On January 23rd, the eleven remaining members of the Trans-Pacific Partnership (TPP) agreement announced the conclusion of their discussions on a revised free trade agreement. Re-branded the “Comprehensive and Progressive Trans-Pacific Partnership” (CPTPP), the new deal will be signed in March at a ceremony in Chile. In concluding the agreement, Canada continues to expand and diversify its major regional trade agreements beyond the North American Free Trade Agreement (NAFTA), which is currently undergoing difficult negotiations with uncertain outcomes. The CPTPP also updates the terms of trade between Canada and Mexico.

The United States withdrew from the TPP on January 30th last year, after the agreement had been concluded with the other eleven members: Australia, Brunei, Canada, Chile, Japan, Malaysia, Mexico, New Zealand, Peru, Singapore, and Viet Nam. At that time, the legal text had been finalized, and all that remained was implementation and ratification. The TPP would have covered about 40 percent of the world’s GDP (valued at US$28.5 trillion). Without the United States, the CPTPP’s coverage is significantly less — around 13.6 percent of global GDP (US$10.2 trillion). However, notwithstanding the absence of the United States, the Agreement creates important new opportunities for Canadian exporters in the CPTPP region.

For example, Canadian agricultural and fishing industries will have preferential market access to important consumer and industrial CPTPP markets. The progressive elimination of customs tariffs will provide Canadian goods with a competitive advantage over US exports to those markets. While trade between the United States and CPTPP countries will certainly continue, the new agreement can be expected to shift the competitive landscape in favour of Canadian producers, providing them with new export and supply chain opportunities. In Japan, the single largest CPTPP economy, Canadian enterprises will also be able to trade on even footing with competitors who have been enjoying the benefits of Japan’s bilateral agreements with Mexico and Australia.

Conclusion of the CPTPP also creates a new trade dynamic between two of the three NAFTA members, Mexico and Canada, with potential implications for the current NAFTA re-negotiations. For example, commitments to implement stricter intellectual property protections were important concessions to US demands in the original TPP. They include extended copyright and patent terms, fixed market protection measures for certain pharmaceutical products (e.g., biologics), and other commitments that would have required Canada to implement new IP rules that are more stringent and less flexible. However, these provisions are “suspended” in the negotiated outcomes of the CPTPP, indicating that Canada and Mexico may no longer be interested in making such concessions. On the other hand, Canada and Mexico may find it difficult to deny US NAFTA demands that are equivalent to TPP provisions that remain part of the CPTPP. It also remains to be seen how differences will be reconciled in the CPTPP and any re-negotiated NAFTA with respect to the rules of origin for motor vehicles and automotive parts, particularly in relation to minimum regional value content thresholds.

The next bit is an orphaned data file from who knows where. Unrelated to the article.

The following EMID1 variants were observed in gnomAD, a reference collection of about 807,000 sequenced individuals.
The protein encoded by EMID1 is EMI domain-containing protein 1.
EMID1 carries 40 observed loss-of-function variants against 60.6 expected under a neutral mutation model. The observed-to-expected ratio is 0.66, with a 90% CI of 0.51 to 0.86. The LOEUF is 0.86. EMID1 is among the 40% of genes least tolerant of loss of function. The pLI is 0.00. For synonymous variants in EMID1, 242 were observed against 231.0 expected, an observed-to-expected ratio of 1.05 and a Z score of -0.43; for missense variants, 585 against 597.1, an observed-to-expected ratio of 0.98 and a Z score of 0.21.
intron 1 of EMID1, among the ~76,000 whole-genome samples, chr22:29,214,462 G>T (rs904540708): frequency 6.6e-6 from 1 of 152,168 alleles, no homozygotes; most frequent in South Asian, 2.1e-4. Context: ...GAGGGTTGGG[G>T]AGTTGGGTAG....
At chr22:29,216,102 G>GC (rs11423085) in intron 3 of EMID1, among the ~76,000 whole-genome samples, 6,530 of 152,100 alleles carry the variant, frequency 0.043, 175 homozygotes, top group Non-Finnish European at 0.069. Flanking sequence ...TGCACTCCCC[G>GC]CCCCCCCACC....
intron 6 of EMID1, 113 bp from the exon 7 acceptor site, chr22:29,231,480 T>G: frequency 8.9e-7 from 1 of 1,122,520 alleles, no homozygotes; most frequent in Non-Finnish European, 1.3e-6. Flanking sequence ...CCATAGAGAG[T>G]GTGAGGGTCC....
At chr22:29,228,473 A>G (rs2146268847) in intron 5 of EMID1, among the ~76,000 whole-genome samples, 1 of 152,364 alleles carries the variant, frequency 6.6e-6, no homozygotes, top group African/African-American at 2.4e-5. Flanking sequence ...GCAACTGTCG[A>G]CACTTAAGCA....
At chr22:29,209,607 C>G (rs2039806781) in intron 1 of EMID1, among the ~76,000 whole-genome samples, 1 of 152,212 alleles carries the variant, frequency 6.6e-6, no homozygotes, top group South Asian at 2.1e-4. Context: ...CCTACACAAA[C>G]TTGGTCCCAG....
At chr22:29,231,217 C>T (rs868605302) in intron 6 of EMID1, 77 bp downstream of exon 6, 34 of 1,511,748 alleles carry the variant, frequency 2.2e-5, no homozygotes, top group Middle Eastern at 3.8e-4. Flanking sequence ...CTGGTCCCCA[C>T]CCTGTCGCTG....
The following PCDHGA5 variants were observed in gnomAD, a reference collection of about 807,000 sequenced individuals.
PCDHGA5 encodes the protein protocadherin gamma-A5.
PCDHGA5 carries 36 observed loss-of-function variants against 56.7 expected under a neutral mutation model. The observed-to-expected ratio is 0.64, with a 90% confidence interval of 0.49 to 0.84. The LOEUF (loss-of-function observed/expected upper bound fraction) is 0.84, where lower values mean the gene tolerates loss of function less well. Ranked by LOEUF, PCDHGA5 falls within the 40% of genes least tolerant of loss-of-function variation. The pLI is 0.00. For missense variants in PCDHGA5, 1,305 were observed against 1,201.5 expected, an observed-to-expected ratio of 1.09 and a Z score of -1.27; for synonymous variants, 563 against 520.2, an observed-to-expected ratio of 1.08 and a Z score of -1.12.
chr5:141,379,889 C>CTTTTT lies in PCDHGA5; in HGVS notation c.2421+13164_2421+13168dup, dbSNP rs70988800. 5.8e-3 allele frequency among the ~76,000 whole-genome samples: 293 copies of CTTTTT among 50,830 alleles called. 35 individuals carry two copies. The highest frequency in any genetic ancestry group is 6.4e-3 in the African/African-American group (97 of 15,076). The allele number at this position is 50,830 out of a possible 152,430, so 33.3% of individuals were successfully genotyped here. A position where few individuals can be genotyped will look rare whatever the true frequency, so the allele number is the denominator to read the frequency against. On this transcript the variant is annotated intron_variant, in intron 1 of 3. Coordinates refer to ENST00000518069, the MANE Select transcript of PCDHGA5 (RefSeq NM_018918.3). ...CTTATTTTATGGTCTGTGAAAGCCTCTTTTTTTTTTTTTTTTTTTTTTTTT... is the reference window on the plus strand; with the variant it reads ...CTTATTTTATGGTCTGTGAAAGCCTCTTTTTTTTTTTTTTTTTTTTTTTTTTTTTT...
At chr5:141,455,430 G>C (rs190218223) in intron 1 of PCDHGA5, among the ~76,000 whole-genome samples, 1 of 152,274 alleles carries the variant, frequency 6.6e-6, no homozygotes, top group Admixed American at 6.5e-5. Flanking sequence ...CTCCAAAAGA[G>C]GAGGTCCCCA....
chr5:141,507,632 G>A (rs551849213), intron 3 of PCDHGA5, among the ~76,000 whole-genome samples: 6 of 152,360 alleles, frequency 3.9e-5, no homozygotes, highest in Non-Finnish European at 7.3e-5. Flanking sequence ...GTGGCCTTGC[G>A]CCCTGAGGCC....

In November, Canada expressed concerns over insufficient protection in the CPTPP for Canadian “cultural industries” (i.e., Canadian media, including print publications, films, music, and television and radio broadcasting). Its reluctance on this and other points prevented the parties from signing an agreement-in-principle at the APEC Summit. However, it appears that the parties have since agreed that this issue, among others, will be resolved through side letters rather than by re-opening and substantively amending the current text of the agreement. Until the negotiated outcomes become available in a consolidated CPTPP text, a joint Ministerial Statement sets out the roadmap for final CPTPP discussions (see http://www.international.gc.ca/trade-commerce/trade-agreements-accords-commerciaux/agr-acc/tpp-ptp/statement-declaration.aspx?lang=eng).

In the context of the United States’ withdrawal into protectionist and anti-globalization policies on trade, plurilateral regional agreements like the CPTPP and the Canada-EU Comprehensive Economic and Trade Agreement (CETA) are important to Canada not only because they provide new and alternative trade opportunities for Canadian stakeholders, but also because they offer unprecedented competitive advantages over US exporters in important international markets. Neither Japan nor the European Union are currently engaged in bilateral negotiations with the United States (negotiations between the United States and the European Union concerning the Trans-Atlantic Trade and Partnership (TTIP) agreement are currently suspended).

The text of the original TPP and commentary on its relationship to the CPTPP is provided by the Ministry of Foreign Affairs and Trade, New Zealand, and available online at: https://www.mfat.govt.nz/en/trade/free-trade-agreements/agreements-under-negotiation/cptpp-2/tpp-and-cptpp-the-differences-explained/.